FMAAA November exhibit to help finalize roof fundraiser

Curt Swarms metal sculptures, such as this "Stardust" are on display part of an donation exhibit at the Fort Madison Area Arts Association in November. Swarm is donating half of the proceeds to the FMAAA Raise the Roof fundraiser. Courtesy Photo

Fort Madison Area Arts Association

FORT MADISON – Fort Madison Area Arts Association welcomes Curt Swarm as feature artist in November. Pilot Grove Savings Bank is the sponsor for the exhibition.  Curt will showcase a trifecta of photography, metal sculpture, and the written word.  Curt has offered 50% of his sales proceeds to benefit the “Raise the Roof” campaign for the FMAAA.  Coincidently, Curt did a similar good deed a few years ago when Keokuk was garnering funds for the roof of their depot restoration. 

FMAAA has had the pleasure of working with Curt for several years.  He reminds me of a liberal arts student, able to work effectively in a variety of arts and sciences.  He was a writer prior to finding FMAAA as a budding photographer, during the first onslaught of digital photography.  He started adding skill layers in this medium when he asked my thoughts on a metal piece that he had created.  I took the opportunity to encourage Curt to develop skills in the sculpture format.  I remember telling him that even though he had a great eye for photography, that the post darkroom format has everyone aspiring to be the next Ansel Adams.  Very few are doing any metal work in sculpture in the region.  Since that time Curt has continued to develop a whimsical, story-telling style to his durable outdoor sculptures.  Curt describes that acquiring the metal resource is an ongoing activity. “I go to flea markets to find stuff, and people give me junk.  Often times I’ll have something for a couple of years before I can see a use for it. It begins to talk to me: “Yoo hoo, here I am, use me!” Then it takes on a life of its own.”

The “Moons” are just some of the metal sculpture’s created by local artist/author Curt Swarm. Swarm’s has the FMAAA November exhibit and 50% of all sales are being donated back to the FMAAA for it’s Raise the Roof fundraiser. Courtesy photo.

FMAAA is open for viewing Tuesday-Thursday-Friday-Saturday from 12-7pm.  FMAAA is moving ever closer to their goal for the “Raise the Roof” campaign that will provide a new roof overhead and allow repairs to the internal damage created by the leaking over the last year.  It is the organizations belief that this month will finalize the needed funds to insure the stability of the cultural arts at 825 Avenue G for the next 25 years.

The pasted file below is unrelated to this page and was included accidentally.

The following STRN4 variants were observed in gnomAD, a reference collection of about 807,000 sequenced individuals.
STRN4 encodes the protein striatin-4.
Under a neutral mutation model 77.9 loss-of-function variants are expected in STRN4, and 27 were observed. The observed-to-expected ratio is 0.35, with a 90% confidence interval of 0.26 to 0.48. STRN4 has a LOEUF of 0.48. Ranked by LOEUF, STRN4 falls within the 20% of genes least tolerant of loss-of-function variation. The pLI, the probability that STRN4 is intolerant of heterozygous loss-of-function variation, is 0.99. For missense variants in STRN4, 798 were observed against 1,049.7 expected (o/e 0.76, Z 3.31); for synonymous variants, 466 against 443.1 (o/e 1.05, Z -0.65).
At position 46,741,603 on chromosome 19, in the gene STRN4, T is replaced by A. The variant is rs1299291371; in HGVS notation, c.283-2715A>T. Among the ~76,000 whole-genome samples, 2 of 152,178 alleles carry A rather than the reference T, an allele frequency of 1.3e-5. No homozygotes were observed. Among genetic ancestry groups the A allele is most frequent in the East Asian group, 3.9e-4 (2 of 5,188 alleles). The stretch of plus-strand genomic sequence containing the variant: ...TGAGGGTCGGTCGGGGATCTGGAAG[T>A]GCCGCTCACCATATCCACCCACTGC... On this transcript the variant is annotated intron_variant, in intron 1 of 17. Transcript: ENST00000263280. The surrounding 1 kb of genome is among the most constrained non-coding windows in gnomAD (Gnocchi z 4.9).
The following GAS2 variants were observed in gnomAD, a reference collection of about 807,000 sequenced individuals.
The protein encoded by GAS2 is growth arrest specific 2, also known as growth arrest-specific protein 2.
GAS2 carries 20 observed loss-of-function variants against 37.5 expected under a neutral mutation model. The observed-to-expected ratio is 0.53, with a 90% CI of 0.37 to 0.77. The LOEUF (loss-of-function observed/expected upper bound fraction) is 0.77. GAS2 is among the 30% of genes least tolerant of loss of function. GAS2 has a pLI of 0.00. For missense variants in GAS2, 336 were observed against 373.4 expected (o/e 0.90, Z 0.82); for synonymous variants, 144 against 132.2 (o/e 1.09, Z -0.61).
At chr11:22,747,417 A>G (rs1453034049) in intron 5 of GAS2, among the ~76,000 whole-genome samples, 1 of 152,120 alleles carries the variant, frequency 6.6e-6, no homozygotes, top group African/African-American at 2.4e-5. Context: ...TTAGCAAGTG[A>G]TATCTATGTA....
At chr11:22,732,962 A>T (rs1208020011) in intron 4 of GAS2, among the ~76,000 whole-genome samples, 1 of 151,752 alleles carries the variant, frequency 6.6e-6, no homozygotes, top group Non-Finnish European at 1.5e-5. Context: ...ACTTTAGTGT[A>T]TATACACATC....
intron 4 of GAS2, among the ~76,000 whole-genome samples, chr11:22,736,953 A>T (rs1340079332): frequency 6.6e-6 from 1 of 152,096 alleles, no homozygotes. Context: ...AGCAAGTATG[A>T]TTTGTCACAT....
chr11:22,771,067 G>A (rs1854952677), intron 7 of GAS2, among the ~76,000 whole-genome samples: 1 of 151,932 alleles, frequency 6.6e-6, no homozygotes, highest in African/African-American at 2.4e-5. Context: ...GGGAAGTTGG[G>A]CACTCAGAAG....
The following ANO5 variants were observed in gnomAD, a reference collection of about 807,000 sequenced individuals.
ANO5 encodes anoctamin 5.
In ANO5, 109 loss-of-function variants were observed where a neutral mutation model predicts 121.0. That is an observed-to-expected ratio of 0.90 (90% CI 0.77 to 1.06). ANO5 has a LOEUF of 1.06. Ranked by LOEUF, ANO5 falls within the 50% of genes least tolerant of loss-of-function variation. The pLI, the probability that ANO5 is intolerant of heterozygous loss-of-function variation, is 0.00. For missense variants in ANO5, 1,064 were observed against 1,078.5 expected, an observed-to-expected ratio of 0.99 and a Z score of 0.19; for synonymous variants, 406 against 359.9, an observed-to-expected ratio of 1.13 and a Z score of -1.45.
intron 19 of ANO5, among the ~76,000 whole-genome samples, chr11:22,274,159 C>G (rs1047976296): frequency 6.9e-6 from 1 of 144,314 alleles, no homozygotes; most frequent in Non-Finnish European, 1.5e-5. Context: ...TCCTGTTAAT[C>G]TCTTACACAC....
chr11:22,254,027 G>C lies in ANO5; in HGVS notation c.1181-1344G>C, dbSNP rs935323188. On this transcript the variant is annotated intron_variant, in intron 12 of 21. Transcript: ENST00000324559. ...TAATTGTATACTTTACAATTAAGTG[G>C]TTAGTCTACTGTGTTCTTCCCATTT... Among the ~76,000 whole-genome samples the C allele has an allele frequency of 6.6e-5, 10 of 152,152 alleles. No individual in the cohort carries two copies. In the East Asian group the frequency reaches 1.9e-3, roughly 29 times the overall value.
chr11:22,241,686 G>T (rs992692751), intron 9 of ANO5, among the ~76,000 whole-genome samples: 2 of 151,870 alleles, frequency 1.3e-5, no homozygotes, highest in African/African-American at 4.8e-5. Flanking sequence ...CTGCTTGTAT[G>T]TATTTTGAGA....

Curt details his trifecta skills of writing, photography, and sculpture with his artist statement:
“Art is all around us.  It’s in our blood, in our soul.  Whether it’s writing, photography, the paint brush, welding torch, music, dance, acting, etc., it’s up to the artist, or anyone, even the farmer plowing a field, to show God’s beauty.  God created and man creates.  Creativity is next to Godliness.          

I began writing in high school when I wrote a short story for English Lit class and the teacher threw it back at me with an F, telling me that I had plagiarized, that I didn’t have the talent to write something that good.  I need to thank that teacher for the knowledge she gave me (I could write) and the determination she instilled in me.  Failure turned to success, I earned a degree in English.

As a young adult I was borrowing my ex-wife’s film camera and adding photos to my writing.  A picture tells a thousand words.  It’s much easier now with digital. My free newspaper column, Empty Nest, expanded to over 40 newspapers in three states: Iowa, Illinois and Missouri.  Taking Ginnie, my editor, with me to visit newspaper offices, publishers find it hard to say no to my human interest column.  Here locally, Empty Nest is in the Ft. Madison Daily Democrat, Pen City Current, Keokuk Gate City, Van Buren County Register, Hancock and Hendersen County Quill (IL), Burlington Hawkeye, Ottumwa Courier, and Southeast Iowa Union, which includes Mt. Pleasant, Fairfield and Washington.

Welding took root when I had a couple pieces of junk metal laying around that I thought would look better attached to each other.  Having never welded, I bought the cheapest 110v welder I could find and made every mistake in the book, and then some.  I just about burned down the garage, was hauled to the emergency room at 2:00 a.m. with scorched eyeballs, and here lately burned a hole through my bib overalls, twice.  I now have a 220v MIG welder and can really get myself in trouble!  BTW: I owe a deep debt of gratitude to Brian Riggs for encouraging me to expand repurposed art.  

It is the artist’s responsibility to reflect the mood of the time, whether it be negative, positive or apathetic, and be a mirror to the soul of the observer.  Art has the power to bring about change.  The pen is mightier than the sword, as is the canvas or digital representation.  

My art is guided by one principle and one principle only: Let thy light so shine amongst men that they see thy good works and glorify Father who art in heaven.  Matthew 5:16”

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